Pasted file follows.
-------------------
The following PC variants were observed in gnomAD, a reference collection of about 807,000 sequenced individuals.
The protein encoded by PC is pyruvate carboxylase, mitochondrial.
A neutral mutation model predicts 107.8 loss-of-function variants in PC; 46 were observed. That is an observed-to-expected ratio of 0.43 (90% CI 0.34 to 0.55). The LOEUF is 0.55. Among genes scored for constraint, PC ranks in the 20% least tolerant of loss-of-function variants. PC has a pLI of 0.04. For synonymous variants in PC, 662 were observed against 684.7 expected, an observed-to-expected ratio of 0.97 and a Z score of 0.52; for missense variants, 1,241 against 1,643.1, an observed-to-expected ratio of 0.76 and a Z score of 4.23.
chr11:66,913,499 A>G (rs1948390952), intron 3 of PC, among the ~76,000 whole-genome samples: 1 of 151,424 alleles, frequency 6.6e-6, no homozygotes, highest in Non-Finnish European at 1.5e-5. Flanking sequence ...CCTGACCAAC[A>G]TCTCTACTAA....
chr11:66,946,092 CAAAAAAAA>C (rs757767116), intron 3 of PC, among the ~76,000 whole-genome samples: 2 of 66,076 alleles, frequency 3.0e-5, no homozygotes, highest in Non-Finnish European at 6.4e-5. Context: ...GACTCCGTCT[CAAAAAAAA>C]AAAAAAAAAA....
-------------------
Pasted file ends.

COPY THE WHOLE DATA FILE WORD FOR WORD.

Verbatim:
The following PC variants were observed in gnomAD, a reference collection of about 807,000 sequenced individuals.
The protein encoded by PC is pyruvate carboxylase, mitochondrial.
A neutral mutation model predicts 107.8 loss-of-function variants in PC; 46 were observed. That is an observed-to-expected ratio of 0.43 (90% CI 0.34 to 0.55). The LOEUF is 0.55. Among genes scored for constraint, PC ranks in the 20% least tolerant of loss-of-function variants. PC has a pLI of 0.04. For synonymous variants in PC, 662 were observed against 684.7 expected, an observed-to-expected ratio of 0.97 and a Z score of 0.52; for missense variants, 1,241 against 1,643.1, an observed-to-expected ratio of 0.76 and a Z score of 4.23.
chr11:66,913,499 A>G (rs1948390952), intron 3 of PC, among the ~76,000 whole-genome samples: 1 of 151,424 alleles, frequency 6.6e-6, no homozygotes, highest in Non-Finnish European at 1.5e-5. Flanking sequence ...CCTGACCAAC[A>G]TCTCTACTAA....
chr11:66,946,092 CAAAAAAAA>C (rs757767116), intron 3 of PC, among the ~76,000 whole-genome samples: 2 of 66,076 alleles, frequency 3.0e-5, no homozygotes, highest in Non-Finnish European at 6.4e-5. Context: ...GACTCCGTCT[CAAAAAAAA>C]AAAAAAAAAA....